The Fair Access to Science and Technology Research Act (FASTR) has been introduced in Congress (in various forms) since 2006. At its base, it calls for open access to peer-reviewed research manuscripts that use federal funds. Most recently, it was introduced on February 14, 2013. It is currently in committee in both the House and Senate.
"On July 29 the Senate Homeland Security and Governmental Affairs Committee (HSGAC) unanimously passed S. 779, the Fair Access to Science and Technology Research (FASTR) Act by voice vote. The bill, which calls for public access to taxpayer-funded research, was marked up to bring it into line with the existing White House Office of Science and Technology Policy (OSTP) policy memorandum and current National institutes of Health (NIH) policy, and will now move to the full Senate for consideration." (LibraryJournal Academic Newswire, 6 August 2015)
You can read more about this historic legislation and what it means for the future of publicly-funded research here.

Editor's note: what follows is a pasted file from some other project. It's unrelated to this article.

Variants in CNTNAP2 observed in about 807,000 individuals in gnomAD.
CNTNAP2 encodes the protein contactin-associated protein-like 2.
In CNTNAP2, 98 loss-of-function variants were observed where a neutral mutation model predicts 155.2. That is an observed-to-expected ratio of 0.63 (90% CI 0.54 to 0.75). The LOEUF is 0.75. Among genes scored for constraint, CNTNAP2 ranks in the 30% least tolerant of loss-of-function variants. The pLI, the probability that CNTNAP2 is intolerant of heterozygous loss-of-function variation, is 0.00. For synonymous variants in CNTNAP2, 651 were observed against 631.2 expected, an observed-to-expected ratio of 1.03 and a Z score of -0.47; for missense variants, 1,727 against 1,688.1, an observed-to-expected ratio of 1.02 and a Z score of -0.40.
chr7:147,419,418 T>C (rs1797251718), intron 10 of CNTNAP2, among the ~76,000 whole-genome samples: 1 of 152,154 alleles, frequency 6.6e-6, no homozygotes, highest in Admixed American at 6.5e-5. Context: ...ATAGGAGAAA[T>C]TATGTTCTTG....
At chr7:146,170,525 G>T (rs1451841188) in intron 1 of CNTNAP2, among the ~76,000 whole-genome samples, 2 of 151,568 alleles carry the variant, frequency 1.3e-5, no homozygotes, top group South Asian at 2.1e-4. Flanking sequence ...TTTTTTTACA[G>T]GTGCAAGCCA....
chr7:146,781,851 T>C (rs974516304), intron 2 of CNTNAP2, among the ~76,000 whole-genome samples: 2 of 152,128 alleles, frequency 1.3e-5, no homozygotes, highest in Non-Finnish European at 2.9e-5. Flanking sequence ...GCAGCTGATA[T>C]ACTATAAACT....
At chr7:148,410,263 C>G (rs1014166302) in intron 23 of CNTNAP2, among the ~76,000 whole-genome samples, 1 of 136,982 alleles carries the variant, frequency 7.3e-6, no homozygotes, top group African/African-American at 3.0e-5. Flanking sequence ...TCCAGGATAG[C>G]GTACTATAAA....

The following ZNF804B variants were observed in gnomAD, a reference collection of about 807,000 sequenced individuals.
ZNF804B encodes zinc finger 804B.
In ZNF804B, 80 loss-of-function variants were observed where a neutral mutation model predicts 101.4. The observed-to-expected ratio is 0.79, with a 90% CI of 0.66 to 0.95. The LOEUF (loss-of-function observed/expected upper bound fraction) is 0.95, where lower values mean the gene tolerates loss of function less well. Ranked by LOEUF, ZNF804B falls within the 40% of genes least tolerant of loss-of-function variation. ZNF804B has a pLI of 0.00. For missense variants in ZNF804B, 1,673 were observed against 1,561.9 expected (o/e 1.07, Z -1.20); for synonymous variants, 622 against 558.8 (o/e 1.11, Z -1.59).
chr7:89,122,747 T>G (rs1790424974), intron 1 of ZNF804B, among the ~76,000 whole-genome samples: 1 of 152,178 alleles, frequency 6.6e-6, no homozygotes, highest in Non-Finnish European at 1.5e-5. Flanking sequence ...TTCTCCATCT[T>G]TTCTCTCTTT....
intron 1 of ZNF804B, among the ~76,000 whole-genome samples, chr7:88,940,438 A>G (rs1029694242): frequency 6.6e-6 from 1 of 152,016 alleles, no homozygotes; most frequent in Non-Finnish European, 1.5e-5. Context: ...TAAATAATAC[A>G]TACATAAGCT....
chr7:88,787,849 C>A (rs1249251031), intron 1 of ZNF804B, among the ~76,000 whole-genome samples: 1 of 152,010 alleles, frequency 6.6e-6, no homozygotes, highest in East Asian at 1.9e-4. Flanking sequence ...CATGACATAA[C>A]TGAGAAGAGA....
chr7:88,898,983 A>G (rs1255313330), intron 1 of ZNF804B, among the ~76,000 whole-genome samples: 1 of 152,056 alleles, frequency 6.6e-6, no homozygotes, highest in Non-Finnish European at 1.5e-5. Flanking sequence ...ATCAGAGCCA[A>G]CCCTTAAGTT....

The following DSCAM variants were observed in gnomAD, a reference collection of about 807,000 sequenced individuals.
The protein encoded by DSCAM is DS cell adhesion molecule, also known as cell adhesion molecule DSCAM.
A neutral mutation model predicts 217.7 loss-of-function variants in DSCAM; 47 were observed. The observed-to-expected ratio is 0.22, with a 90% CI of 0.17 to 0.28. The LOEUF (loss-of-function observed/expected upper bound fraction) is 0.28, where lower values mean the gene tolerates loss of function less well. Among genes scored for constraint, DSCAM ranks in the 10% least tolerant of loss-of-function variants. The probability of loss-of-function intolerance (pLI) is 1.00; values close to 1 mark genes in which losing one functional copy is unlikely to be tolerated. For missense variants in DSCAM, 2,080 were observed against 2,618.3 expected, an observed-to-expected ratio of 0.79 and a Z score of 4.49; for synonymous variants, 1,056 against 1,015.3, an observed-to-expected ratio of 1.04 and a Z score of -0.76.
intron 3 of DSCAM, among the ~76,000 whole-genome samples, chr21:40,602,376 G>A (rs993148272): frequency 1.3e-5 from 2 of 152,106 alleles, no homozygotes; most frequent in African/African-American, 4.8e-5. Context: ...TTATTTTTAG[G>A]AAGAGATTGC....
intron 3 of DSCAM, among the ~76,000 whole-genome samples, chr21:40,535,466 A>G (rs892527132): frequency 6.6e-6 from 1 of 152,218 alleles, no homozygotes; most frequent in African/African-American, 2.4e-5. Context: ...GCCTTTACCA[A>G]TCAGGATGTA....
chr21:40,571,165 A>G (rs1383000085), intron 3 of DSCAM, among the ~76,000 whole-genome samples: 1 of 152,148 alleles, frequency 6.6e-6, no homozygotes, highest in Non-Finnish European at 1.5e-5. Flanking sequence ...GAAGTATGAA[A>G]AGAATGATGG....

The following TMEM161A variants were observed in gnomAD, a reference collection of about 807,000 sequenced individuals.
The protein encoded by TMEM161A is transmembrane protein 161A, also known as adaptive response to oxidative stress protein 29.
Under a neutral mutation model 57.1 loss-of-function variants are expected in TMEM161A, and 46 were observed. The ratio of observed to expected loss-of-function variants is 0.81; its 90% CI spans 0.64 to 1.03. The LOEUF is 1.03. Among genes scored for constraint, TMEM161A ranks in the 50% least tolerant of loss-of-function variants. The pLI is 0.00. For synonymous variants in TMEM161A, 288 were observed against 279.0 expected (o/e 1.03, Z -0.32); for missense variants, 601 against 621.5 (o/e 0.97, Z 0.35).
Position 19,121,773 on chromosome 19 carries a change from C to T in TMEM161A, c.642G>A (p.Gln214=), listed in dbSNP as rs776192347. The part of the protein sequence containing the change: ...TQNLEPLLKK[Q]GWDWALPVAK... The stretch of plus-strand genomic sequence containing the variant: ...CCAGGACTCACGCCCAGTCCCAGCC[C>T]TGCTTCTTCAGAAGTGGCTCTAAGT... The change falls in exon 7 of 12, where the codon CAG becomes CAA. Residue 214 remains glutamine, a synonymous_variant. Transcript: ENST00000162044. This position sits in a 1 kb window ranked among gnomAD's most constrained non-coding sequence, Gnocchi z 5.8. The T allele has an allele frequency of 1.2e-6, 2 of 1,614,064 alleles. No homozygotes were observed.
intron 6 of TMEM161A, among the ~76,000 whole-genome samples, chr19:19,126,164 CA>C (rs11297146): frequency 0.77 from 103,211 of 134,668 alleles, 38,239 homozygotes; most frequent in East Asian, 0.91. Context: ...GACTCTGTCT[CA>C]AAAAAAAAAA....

In 2013, the estimate was that human knowledge doubles every thirteen months, but by 2023, human knowledge is expected to double every TWELVE HOURS because of the proliferation of online information.
"This paper presents a summary of reported studies on the Open Access citation advantage. There is a brief introduction to the main issues involved in carrying out such studies, both methodological and interpretive. The study listing provides some details of the coverage, methodological approach and main conclusions of each study."
Due to the emergence of predatory open access publishers and publications, Jeffrey Beall argued in 2012 for the adoption of "scholarly publishing literacy." Linlin Zhao's 2014 article "Riding the wave of open access: Providing library research support for scholarly publishing literacy" provides the following list of knolwedges and skills that scholarly publishing literacy should include (11):